The January Issue of the Rio+20 Issues Briefs, entitled "Science and Technology for Sustainable Development", highlights technology commitments in Agenda 21 and the Johannesburg Plan of Implementation, noting that the Rio+20 submissions did not cover 12 science and technology-related issues for which there are already existing global commitments.
February 2012: The latest issue of the UN Conference on Sustainable Development (UNCSD, or Rio+20) Issues Briefs series, titled “Science and Technology for Sustainable Development,” highlightes global trends in science and technology for sustainable development since the 1992 Earth Summit, and summarizes related UN debate, global commitments and their achievement in the past 20 years.
The brief indicates that only four time-bound targets have been identified in the past, and overall delivery on these and related general technology commitments has not been encouraging.
It highlights the greater role of emerging economies in technology flows and transfer and notes calls by governments to accelerate clean technology change. The brief notes that, while increasing eco-efficiency of technology use has greatly reduced the amount of resources consumed and pollution produced, absolute amounts of consumption and pollution have continued to increase unsustainably. It also highlights that clean technology flows among emerging economies and from emerging economies to developed countries have grown faster.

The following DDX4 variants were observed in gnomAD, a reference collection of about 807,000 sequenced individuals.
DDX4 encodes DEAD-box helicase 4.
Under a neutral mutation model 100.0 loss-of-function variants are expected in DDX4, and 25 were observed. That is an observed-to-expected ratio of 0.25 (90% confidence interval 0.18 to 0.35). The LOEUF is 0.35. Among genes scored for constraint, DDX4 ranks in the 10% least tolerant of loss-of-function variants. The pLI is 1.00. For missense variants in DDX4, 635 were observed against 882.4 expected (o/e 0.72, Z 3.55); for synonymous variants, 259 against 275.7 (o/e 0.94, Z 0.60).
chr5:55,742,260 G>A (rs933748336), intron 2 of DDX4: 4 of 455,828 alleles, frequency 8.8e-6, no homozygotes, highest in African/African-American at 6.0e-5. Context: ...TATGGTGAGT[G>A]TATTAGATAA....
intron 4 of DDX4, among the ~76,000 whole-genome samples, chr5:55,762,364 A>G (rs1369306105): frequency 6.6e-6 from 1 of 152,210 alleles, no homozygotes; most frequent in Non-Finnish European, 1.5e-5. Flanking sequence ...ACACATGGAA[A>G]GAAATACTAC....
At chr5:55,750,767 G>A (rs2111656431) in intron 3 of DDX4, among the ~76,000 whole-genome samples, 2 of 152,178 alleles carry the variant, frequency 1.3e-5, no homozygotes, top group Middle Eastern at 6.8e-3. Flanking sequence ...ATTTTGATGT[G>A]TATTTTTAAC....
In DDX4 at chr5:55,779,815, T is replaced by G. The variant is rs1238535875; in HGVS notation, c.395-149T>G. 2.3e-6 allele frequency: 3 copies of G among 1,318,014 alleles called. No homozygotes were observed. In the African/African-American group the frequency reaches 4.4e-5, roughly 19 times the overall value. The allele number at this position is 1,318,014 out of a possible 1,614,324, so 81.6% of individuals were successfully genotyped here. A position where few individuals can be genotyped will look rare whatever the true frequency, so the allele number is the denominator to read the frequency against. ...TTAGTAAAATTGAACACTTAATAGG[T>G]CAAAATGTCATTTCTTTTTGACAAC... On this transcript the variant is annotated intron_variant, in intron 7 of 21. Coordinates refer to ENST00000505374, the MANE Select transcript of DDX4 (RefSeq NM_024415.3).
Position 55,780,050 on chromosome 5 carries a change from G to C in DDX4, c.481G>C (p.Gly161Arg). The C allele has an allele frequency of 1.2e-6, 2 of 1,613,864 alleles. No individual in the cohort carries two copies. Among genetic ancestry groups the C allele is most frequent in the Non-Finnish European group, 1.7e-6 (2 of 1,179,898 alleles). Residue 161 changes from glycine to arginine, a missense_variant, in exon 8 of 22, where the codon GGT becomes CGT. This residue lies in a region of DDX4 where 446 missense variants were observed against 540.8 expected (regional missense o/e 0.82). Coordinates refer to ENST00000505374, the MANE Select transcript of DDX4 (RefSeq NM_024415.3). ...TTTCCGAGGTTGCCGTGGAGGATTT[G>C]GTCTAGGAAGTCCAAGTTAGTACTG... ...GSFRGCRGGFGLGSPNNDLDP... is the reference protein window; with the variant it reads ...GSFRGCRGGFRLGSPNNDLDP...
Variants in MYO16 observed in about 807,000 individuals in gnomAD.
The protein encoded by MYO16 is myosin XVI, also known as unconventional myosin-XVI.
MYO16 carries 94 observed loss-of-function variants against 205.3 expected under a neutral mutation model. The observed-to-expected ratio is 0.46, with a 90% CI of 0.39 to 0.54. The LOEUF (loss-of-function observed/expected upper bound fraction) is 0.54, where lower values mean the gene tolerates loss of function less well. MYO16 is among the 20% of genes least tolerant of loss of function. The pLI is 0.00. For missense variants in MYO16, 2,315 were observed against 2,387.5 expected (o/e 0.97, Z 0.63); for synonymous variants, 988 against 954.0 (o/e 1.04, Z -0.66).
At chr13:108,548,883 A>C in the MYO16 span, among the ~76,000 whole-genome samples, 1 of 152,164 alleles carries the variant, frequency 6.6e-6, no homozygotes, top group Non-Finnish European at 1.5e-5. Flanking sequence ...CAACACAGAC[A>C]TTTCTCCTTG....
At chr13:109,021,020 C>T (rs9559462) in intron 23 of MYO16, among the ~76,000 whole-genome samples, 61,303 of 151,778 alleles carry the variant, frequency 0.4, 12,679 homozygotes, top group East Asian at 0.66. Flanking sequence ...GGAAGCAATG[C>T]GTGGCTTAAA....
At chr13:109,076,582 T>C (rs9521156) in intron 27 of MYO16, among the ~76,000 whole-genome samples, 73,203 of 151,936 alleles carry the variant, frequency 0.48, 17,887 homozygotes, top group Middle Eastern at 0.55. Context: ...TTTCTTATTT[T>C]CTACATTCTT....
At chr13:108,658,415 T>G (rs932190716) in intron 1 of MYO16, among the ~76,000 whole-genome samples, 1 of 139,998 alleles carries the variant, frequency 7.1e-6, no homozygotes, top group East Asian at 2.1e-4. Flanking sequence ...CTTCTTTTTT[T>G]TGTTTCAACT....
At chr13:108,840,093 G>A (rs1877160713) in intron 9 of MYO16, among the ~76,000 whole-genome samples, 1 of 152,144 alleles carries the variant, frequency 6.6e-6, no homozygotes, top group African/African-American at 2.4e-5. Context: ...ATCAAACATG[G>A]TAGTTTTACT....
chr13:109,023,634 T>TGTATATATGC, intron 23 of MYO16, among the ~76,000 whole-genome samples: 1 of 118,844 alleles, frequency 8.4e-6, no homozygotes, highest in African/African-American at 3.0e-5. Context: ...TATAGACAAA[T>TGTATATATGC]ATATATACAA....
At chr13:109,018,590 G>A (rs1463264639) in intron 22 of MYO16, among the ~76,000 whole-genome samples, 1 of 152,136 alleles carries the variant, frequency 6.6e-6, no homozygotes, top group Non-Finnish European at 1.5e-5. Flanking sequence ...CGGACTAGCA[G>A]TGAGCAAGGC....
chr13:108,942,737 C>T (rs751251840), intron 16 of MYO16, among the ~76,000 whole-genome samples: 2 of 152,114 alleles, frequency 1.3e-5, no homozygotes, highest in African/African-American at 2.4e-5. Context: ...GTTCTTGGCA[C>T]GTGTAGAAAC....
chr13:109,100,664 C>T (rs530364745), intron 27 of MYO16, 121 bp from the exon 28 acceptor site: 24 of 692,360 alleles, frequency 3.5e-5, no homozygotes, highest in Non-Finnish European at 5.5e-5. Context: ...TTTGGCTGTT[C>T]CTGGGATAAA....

The brief offers an overview of the science and technology-related proposals for the outcome document from Rio+20, as contained in the official submissions of Member States, intergovernmental organizations, and Major Groups, and indicates that 15 of the 31 proposals are “new” suggestions, “in the sense that at present there are no agreed international commitments.” The proposals are noted to be in the areas of policy environment, market incentives, global goals and targets. [Publication: Science and Technology for Sustainable Development]